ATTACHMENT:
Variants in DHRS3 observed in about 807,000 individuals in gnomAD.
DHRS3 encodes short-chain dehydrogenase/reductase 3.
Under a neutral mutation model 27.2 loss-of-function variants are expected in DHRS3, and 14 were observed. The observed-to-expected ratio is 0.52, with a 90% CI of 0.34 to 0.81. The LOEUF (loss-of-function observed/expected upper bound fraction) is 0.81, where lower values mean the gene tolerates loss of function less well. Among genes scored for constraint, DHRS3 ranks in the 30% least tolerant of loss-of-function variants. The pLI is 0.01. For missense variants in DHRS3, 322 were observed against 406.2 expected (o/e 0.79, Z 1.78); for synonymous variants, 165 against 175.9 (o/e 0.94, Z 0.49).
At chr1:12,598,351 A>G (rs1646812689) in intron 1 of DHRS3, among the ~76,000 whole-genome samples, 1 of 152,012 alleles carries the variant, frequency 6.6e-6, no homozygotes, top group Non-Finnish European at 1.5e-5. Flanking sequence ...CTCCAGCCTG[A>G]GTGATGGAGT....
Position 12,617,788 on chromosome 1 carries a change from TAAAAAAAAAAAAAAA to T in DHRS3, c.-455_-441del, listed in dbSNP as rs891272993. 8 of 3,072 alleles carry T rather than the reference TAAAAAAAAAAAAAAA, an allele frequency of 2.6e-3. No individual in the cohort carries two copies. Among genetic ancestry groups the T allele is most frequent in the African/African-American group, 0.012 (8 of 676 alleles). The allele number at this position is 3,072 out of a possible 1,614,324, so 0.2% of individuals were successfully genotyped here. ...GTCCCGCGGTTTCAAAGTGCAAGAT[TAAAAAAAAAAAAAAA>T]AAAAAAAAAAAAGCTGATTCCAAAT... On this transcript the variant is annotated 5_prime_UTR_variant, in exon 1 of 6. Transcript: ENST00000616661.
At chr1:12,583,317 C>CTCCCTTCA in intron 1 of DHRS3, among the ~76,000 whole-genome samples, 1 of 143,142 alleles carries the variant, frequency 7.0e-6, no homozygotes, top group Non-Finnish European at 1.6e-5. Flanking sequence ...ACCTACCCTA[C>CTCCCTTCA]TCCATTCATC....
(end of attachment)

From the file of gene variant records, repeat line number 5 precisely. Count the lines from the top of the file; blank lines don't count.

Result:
Position 12,617,788 on chromosome 1 carries a change from TAAAAAAAAAAAAAAA to T in DHRS3, c.-455_-441del, listed in dbSNP as rs891272993. 8 of 3,072 alleles carry T rather than the reference TAAAAAAAAAAAAAAA, an allele frequency of 2.6e-3. No individual in the cohort carries two copies. Among genetic ancestry groups the T allele is most frequent in the African/African-American group, 0.012 (8 of 676 alleles). The allele number at this position is 3,072 out of a possible 1,614,324, so 0.2% of individuals were successfully genotyped here. ...GTCCCGCGGTTTCAAAGTGCAAGAT[TAAAAAAAAAAAAAAA>T]AAAAAAAAAAAAGCTGATTCCAAAT... On this transcript the variant is annotated 5_prime_UTR_variant, in exon 1 of 6. Transcript: ENST00000616661.